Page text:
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SKYMTL

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Specifications & GPU Compatibility

Specifications





GPU Compatibility







 
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SKYMTL

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Packaging and Accessories

Packaging and Accessories



The Thermalright T-Rad² comes in the now-typical brown box packaging of countless other Thermalright products before it. People who are in the market for a great cooler really don’t care what the packaging looks like; it is what’s inside that counts.


The heatsink itself is lovingly cradled in the firm grip of cardboard inserts in order to protect it from any shipping issues which may arise. What struck us as a bit interesting is the fact that unlike nearly every other Thermalright heatsink we have seen, the T-Rad² is not additionally wrapped in plastic to prevent scratching to its nickel-plated finish.


The accessories are standard fare with the usual mounting hardware, installation instructions, sticker and tube of thermal compound. Even though we won’t be using it in our tests, the thermal compound included here is a full tube of Thermalright’s The Chill Factor which normally retails for about $7. This is a far cry from the usual pre-applied thermal compound we are used to seeing on many competitors’ products and is definitely welcome here. Especially considering you are dishing out the better part of sixty bucks for the T-Rad² to begin with.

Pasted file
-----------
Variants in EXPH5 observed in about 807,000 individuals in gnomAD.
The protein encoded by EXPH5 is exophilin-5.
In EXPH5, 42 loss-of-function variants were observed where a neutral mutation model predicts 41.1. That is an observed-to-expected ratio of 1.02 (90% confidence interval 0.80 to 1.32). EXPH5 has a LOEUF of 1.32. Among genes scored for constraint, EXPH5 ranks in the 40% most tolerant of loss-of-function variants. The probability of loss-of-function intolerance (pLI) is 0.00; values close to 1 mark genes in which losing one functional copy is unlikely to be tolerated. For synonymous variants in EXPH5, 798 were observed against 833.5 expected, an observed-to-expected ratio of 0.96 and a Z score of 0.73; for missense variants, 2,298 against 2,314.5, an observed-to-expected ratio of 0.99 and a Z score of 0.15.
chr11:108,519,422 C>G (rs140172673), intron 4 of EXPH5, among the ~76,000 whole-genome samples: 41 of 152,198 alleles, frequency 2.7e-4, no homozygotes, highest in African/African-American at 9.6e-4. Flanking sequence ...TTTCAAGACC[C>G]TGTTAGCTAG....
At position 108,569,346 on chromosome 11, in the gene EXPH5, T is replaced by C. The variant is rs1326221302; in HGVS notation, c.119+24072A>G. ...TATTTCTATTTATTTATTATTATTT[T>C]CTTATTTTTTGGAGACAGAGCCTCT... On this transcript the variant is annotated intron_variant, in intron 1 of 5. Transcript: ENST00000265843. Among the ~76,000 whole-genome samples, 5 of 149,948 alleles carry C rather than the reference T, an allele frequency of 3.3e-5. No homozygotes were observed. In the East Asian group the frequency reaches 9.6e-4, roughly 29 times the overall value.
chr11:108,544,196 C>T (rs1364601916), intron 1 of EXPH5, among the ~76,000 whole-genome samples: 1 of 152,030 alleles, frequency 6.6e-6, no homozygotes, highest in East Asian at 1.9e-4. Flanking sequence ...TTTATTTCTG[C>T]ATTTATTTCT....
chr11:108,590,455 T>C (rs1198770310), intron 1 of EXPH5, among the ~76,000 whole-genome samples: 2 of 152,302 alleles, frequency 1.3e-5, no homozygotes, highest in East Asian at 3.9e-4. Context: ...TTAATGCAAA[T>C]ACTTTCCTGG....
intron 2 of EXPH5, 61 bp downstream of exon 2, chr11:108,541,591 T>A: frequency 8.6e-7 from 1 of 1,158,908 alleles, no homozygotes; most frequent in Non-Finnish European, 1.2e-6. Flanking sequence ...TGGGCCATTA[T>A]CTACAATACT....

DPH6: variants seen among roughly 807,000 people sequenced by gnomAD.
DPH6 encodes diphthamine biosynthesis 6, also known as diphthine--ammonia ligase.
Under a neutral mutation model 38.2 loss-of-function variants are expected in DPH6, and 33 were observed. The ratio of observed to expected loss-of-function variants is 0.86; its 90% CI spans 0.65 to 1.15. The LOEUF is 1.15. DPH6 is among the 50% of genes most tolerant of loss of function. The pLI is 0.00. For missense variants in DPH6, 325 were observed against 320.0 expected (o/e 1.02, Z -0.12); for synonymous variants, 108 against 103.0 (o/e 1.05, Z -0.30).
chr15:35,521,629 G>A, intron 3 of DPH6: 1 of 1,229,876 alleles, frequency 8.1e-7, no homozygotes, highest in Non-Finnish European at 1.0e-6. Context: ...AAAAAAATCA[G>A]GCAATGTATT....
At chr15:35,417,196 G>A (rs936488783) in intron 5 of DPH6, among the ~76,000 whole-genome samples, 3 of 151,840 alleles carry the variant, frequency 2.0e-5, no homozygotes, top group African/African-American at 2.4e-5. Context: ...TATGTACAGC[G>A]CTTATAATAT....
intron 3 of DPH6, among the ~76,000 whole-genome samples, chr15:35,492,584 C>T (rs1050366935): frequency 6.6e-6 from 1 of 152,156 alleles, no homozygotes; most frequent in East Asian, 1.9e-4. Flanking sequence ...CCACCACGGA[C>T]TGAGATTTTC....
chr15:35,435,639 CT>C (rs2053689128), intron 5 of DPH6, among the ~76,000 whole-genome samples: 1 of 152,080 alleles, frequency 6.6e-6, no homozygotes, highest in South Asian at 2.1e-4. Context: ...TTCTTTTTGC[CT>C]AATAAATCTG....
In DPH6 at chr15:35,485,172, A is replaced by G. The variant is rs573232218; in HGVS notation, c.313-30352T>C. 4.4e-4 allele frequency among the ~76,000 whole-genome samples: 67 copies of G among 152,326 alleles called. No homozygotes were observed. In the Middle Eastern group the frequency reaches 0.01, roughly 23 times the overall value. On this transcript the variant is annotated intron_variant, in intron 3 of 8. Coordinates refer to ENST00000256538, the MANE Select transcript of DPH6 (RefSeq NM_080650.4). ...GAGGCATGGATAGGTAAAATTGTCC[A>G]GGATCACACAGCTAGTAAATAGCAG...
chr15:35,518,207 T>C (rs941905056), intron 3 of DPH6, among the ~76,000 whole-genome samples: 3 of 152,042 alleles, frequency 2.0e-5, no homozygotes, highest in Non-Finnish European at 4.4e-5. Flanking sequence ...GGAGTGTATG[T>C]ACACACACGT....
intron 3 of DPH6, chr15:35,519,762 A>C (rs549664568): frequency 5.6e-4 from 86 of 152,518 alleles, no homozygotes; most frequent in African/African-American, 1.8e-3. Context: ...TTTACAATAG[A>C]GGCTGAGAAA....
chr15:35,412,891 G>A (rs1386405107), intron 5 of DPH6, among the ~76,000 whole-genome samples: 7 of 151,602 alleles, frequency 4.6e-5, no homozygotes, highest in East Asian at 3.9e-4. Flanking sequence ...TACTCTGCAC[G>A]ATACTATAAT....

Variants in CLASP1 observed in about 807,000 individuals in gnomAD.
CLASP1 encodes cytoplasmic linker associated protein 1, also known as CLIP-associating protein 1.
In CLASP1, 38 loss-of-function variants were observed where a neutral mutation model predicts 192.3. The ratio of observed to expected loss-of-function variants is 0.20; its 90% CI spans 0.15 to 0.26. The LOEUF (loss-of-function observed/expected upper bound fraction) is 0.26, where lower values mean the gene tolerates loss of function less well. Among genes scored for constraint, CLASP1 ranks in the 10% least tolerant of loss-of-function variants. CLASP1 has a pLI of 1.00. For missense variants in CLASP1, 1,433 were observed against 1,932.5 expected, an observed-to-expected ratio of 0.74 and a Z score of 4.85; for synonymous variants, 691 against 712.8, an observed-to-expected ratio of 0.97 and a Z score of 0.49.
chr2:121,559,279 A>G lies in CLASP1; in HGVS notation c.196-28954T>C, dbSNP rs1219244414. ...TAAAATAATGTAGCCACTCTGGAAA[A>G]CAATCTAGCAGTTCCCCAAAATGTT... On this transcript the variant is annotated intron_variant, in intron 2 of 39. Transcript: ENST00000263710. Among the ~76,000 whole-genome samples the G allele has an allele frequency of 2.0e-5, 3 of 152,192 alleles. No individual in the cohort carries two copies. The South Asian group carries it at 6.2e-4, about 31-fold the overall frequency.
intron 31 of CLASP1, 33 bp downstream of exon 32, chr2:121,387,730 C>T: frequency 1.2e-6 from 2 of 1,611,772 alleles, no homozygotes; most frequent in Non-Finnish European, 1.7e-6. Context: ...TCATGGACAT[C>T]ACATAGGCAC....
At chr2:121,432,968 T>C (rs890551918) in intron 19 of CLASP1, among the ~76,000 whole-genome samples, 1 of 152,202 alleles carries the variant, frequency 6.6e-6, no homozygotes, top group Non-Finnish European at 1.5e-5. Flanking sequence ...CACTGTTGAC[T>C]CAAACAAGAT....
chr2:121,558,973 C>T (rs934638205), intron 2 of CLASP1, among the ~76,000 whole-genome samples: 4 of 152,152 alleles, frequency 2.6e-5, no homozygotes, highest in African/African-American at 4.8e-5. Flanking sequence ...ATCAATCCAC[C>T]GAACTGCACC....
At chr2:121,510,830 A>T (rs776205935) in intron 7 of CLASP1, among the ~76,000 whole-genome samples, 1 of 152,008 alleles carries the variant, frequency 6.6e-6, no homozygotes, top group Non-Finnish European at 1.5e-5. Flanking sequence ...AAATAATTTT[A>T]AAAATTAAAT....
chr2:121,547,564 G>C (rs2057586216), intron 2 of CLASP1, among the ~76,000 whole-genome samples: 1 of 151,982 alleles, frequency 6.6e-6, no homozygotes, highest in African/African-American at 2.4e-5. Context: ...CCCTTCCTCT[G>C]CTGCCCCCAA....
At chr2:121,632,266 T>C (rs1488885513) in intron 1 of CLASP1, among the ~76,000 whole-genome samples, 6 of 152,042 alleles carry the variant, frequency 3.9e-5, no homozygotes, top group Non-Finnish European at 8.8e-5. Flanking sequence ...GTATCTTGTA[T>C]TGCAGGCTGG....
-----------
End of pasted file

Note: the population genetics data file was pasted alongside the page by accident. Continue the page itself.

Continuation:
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SKYMTL

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A Closer Look at the Thermalright T-Rad²

A Closer Look at the Thermalright T-Rad²



The first thing you will likely notice once the T-Rad² is unpackaged is how amazingly slim it is when compared to other heatsinks. Instead of using a large amount of vertical fin surface like with the HR-03, the fins are placed in a more horizontal fashion. Another thing you will probably see is the welcome addition of actual holes for the fan mounting instead of Thermalright’s usual clumsy wire mounts. More on this later since the wires still make a comeback…


At the heart of this beast lies six huge nickel plated heatpipes which are used to conduct the heat produce by the core towards the fins where it will be dispersed by the fan(s). This seems to be a pretty amazing space saving design but only testing will tell us if it can compete against some of the big names in the industry.


Around the T-Rad²’s fins there is a small lip of aluminum that houses the fan mounting holes and pulls double duty as a means to ensure the rigidity of the unit. There are mounting holes for either a pair of 92mm fans or a single 120mm fan.